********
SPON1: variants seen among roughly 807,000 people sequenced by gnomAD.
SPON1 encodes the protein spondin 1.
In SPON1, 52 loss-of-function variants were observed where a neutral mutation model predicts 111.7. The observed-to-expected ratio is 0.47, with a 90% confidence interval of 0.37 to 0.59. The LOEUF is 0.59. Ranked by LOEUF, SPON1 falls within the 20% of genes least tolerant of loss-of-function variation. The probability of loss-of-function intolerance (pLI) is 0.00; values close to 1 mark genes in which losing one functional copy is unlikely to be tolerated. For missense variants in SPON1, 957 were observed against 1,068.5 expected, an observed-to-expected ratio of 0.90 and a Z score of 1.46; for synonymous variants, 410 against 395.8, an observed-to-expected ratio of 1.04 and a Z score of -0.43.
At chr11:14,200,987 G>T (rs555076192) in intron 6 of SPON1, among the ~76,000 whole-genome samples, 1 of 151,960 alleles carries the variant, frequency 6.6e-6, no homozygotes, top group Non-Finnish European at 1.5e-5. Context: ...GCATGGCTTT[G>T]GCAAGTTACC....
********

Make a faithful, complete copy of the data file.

SPON1: variants seen among roughly 807,000 people sequenced by gnomAD.
SPON1 encodes the protein spondin 1.
In SPON1, 52 loss-of-function variants were observed where a neutral mutation model predicts 111.7. The observed-to-expected ratio is 0.47, with a 90% confidence interval of 0.37 to 0.59. The LOEUF is 0.59. Ranked by LOEUF, SPON1 falls within the 20% of genes least tolerant of loss-of-function variation. The probability of loss-of-function intolerance (pLI) is 0.00; values close to 1 mark genes in which losing one functional copy is unlikely to be tolerated. For missense variants in SPON1, 957 were observed against 1,068.5 expected, an observed-to-expected ratio of 0.90 and a Z score of 1.46; for synonymous variants, 410 against 395.8, an observed-to-expected ratio of 1.04 and a Z score of -0.43.
At chr11:14,200,987 G>T (rs555076192) in intron 6 of SPON1, among the ~76,000 whole-genome samples, 1 of 151,960 alleles carries the variant, frequency 6.6e-6, no homozygotes, top group Non-Finnish European at 1.5e-5. Context: ...GCATGGCTTT[G>T]GCAAGTTACC....